Managing genuine evaluation paradoxes: Genuine reporting

In reponse to the earlier post on genuine evaluation snippets from around the globe, Irene Guijt raised a very important question about the tensions between several hallmarks of genuine evaluation:

Some important contrasts presented but also one that doesn’t entirely align – tell the whole story but cut to the chase? Include activities, outputs and outcomes AND identify the issue of essence/determine what’s important? Um? Are both possible at the same time?

[see Irene’s full response for more detail]

Managing these tensions and apparent paradoxes is, in my view, one of the things that really clearly distinguishes genuine from non-genuine evaluation.

When I used to teach evaluation to doctoral students in WMU’s Interdisciplinary Ph.D. in Evaluation, here’s what I insisted they do in evaluation reports, short homework assignments, essays, dissertations, and presentations (which, to give credit to the original source, was more or less what Michael Scriven used to insist we do when I studied with him at CGU!):

  1. Even when there are numerous details and nuances that need to be reported, it’s still critically important to cut to the chase. This means present the most important points first – it shows you know which they are! The secondary issues come next. [This is the exact opposite of traditional academic writing, where we gradually lead the reader through the maze of details to the overall conclusion.]
  2. On the issue of how much detail is enough/too much, the advice to tell the whole story (but don’t get lost in the details) means: tell enough of the story so that the overall messages aren’t misleading.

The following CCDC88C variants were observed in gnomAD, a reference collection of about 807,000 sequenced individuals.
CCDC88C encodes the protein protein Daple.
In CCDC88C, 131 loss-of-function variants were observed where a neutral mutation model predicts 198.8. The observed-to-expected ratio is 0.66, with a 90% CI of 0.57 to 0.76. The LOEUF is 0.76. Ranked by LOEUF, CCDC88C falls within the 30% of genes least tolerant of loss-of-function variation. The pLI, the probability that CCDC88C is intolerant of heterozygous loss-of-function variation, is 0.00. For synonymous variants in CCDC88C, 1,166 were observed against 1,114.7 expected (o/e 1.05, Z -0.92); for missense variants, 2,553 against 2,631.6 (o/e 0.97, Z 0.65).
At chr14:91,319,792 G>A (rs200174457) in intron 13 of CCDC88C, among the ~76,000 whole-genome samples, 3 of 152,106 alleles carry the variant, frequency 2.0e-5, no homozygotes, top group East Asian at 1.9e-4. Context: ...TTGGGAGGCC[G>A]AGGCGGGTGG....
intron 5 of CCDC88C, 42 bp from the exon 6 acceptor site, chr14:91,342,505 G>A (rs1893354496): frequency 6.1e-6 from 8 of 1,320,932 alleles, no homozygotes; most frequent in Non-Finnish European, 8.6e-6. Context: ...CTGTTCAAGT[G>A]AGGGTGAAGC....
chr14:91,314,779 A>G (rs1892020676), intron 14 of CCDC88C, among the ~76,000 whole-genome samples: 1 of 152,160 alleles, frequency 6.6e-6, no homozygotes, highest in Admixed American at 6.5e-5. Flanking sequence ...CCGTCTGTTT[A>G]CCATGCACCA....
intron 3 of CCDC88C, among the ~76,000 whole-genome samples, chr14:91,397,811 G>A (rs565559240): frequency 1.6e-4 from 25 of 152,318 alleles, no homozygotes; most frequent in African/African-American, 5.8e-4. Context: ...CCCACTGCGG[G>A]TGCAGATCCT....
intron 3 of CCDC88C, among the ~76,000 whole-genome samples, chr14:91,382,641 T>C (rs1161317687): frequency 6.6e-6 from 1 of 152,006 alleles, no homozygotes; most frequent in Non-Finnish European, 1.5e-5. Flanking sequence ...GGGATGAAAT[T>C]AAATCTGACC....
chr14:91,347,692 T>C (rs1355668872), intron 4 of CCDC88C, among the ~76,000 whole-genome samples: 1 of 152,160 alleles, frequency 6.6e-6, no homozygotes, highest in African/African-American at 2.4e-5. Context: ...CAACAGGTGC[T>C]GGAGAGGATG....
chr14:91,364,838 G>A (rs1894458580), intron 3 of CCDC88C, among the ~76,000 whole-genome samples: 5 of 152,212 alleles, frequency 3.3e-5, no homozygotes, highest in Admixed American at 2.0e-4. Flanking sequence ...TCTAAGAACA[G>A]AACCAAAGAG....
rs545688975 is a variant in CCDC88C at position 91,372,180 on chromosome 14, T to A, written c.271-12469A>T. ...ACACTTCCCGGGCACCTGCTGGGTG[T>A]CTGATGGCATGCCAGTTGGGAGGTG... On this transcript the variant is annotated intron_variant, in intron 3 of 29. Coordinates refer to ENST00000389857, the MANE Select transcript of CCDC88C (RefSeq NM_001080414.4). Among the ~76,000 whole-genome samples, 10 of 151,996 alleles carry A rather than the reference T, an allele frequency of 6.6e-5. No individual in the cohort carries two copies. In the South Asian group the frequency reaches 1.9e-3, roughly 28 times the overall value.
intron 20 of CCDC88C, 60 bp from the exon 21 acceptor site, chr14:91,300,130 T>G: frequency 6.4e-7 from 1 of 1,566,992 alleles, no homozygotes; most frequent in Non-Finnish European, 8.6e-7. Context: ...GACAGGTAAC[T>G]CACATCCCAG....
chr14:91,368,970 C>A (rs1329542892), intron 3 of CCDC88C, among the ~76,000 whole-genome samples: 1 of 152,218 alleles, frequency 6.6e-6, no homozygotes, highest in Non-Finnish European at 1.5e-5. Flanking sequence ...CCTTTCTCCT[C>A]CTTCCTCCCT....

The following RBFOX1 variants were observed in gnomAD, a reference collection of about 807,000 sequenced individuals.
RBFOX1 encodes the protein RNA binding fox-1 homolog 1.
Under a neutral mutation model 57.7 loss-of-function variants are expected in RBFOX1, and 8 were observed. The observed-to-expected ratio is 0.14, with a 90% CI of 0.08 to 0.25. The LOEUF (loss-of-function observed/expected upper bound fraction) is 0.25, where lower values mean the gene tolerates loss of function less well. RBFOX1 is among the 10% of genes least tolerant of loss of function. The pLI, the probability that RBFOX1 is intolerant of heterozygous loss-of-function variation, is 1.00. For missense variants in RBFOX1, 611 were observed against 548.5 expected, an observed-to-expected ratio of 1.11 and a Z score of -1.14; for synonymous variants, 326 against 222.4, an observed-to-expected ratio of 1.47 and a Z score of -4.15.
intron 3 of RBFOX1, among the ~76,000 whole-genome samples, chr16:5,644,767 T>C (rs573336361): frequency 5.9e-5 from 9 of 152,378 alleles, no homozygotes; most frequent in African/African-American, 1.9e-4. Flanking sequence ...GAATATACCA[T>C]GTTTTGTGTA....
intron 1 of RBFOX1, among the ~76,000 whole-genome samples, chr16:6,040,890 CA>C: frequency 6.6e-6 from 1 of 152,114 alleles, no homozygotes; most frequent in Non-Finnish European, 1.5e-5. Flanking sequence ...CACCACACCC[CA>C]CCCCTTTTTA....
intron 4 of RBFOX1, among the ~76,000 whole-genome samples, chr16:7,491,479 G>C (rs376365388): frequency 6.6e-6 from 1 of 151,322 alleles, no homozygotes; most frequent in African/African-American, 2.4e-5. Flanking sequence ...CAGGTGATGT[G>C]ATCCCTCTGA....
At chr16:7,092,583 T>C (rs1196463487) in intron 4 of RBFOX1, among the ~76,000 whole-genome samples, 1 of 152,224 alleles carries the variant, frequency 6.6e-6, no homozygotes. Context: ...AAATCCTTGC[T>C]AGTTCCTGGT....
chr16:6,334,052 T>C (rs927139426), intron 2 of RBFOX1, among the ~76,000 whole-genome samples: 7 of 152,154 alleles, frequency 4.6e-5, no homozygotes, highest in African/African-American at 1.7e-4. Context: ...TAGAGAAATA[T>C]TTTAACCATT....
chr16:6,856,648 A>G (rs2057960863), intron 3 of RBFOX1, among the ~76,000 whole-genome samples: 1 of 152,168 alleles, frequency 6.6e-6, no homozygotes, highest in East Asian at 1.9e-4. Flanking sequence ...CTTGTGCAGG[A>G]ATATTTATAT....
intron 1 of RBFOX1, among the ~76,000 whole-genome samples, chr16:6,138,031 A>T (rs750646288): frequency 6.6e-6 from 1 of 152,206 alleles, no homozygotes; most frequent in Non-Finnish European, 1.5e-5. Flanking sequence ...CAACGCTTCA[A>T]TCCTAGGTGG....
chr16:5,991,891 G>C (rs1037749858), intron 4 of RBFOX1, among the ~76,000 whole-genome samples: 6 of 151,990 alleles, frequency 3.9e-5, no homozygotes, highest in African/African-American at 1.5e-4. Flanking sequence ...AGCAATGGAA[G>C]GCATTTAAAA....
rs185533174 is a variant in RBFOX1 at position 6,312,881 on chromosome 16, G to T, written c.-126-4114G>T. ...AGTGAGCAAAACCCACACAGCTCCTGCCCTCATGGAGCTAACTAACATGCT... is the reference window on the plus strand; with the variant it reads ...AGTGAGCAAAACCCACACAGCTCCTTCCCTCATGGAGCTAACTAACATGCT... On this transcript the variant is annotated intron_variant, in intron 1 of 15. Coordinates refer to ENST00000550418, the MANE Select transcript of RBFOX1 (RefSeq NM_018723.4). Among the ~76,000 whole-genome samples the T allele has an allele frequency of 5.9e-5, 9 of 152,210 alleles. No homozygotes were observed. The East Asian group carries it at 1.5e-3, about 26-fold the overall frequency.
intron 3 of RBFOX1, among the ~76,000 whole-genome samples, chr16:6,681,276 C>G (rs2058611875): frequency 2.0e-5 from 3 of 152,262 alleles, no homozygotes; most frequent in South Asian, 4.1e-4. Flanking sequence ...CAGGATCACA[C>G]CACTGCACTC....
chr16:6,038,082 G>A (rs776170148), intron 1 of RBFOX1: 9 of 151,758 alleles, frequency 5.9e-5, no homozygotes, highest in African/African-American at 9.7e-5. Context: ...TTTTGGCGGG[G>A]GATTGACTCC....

I’m also reminded of Eleanor Chelimsky’s advice this week about how to present findings in a way that won’t make the audience glaze over with the level of detail – this is from a post in this week’s riveting Thought Leader’s Forum (from AEA – it’s members only access, but membership is incredibly reasonable and access to these discussions (and much more) make it fantastic value for money!):

… But you had to observe Members of Congress closely.  In theory, for example, the legislators loved what they called “hard data,” but I found that their eyes frequently glazed over during my presentations of them.  I often ended up forced to present a really strong study in the form of anecdotes or case studies, which were, however, not an N of 1, but were representative of the study data and overall findings, and had the advantage of being entirely comprehensible to a congressional audience as well as the media.  I should also mention that there was a secondary penalty for NOT doing that:  not only did our message not get across, but we were seen as technocrats, not a good image for that audience.

For me, it’s taken years of experimentation and practice with different ways to cut to the chase and present key messages that various audiences can comprehend and remember, while at the same time telling enough of the nuanced story so as to make the main messages not overly simplistic or misleading. I’m by no means successful all the time, and I’m always on the lookout for insights and ideas. So, please contribute yours in a comment!

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